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The Coach: ‘My colleague’s pro-Brexit stance feels like a personal attack’


Careers expert Matthew Turner advises a practice partner on how to tackle a Brexiteer employee who has almost reduced a European colleague to tears

I am a partner in a practice, and someone in my office almost broke down in tears with me, the reason for which I am absolutely mortified about. She is from another European country and said she feels stressed about her future in general, but most worryingly absolutely harangued by a colleague in the office who she says constantly talks about the benefits of Brexit within her earshot, which to her seemed like a personal attack. 

I have been very busy of late, so haven’t been that close to office banter. I tried hard to calm her and reassure her and I think I succeeded, but how should I talk to him? I know he enjoys politics and a provocative conversation, and will probably say she is too sensitive.

Matthew turner

Your email saddened me. Who could have thought Brexit would reach far and deep into our lives even though it has not even happened yet.

From the culturally comfortable place of being British in Britain, Brexit might well be a fun and interesting discussion subject. Whether remainer or Brexiteer, the fact is someone near to him is being potentially affected way more than he is, and is being upset by his actions. This needs to be clearly explained to him. 

Joking and provoking might be OK for a chat with mates, but this has different implications in a professional environment

In a way, this is about diversity and inclusion in the workplace. A range of areas such as age, ethnic origin or sexual orientation are differences that we all need to be aware of and consider when working with others. But a crucial two further types of diversity are personality and life experience.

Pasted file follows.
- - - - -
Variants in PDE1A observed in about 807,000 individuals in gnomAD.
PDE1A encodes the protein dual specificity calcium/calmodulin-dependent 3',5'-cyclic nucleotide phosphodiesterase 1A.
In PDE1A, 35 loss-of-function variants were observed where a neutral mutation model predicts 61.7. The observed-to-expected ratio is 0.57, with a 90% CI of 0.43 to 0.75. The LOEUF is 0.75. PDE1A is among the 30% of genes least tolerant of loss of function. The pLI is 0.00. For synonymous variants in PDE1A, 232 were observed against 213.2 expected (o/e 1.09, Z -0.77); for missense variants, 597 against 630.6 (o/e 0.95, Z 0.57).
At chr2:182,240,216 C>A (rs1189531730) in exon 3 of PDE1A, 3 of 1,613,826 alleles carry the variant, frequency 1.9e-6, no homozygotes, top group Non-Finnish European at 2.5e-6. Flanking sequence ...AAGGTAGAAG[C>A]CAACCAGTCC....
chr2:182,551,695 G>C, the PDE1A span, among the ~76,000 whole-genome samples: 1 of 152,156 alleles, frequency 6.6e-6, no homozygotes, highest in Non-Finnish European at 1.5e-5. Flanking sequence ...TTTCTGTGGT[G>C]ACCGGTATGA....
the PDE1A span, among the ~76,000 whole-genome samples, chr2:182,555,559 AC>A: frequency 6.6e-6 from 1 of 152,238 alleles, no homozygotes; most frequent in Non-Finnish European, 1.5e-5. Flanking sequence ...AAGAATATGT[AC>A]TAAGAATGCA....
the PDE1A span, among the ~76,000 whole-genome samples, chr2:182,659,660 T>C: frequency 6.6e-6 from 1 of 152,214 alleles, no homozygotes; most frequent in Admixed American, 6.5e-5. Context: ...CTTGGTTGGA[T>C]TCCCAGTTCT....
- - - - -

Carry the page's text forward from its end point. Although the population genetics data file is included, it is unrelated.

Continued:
Joking, testing and provoking might be all well and good for a chat with mates, but this has different implications in a professional environment, where this attribute might be best focused on the workload. Equally, this issue is directly part of her life experience, and considering her as merely too sensitive is not that different from the shouty plane passenger caught on camera last year abusing his black neighbour while claiming that he was not racist. 

Clearly, you need to handle this carefully to not be too heavy-handed or spark resentment. But a line has been stepped over, and you, as the boss, need to make this clear.  

AJ coach Matthew Turner is an architect and careers consultant who runs the Building on Architecture consultancy. To contact him with your questions, tweet @TheAJcoach or email him in confidence at hello@buildingonarchitecture.com 


Readers' comments (3)

  • Martin King

    Sit the Brexit person down and explain why they are not only deluded but also very rude, both of which do not contribute to the wellbeing of the working environment and consequently, if they persist, their job prospects.

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  • '...but how should I talk to him? I know he enjoys politics and a provocative conversation, and will probably say she is too sensitive'.
    I guess this sentence shows what the partner of the practise thinks about about the offended employee - simply too sensitive.

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  • This is actually in conflict with the architects code of conduct, both arb and riba state that personal beliefs including politics, religion etc should all be respected. It is also a potential HR issue under the equality act employees must respect protected characteristics, one being religion or belief. You have a duty of care to inform the architect he is not complying with the codes.

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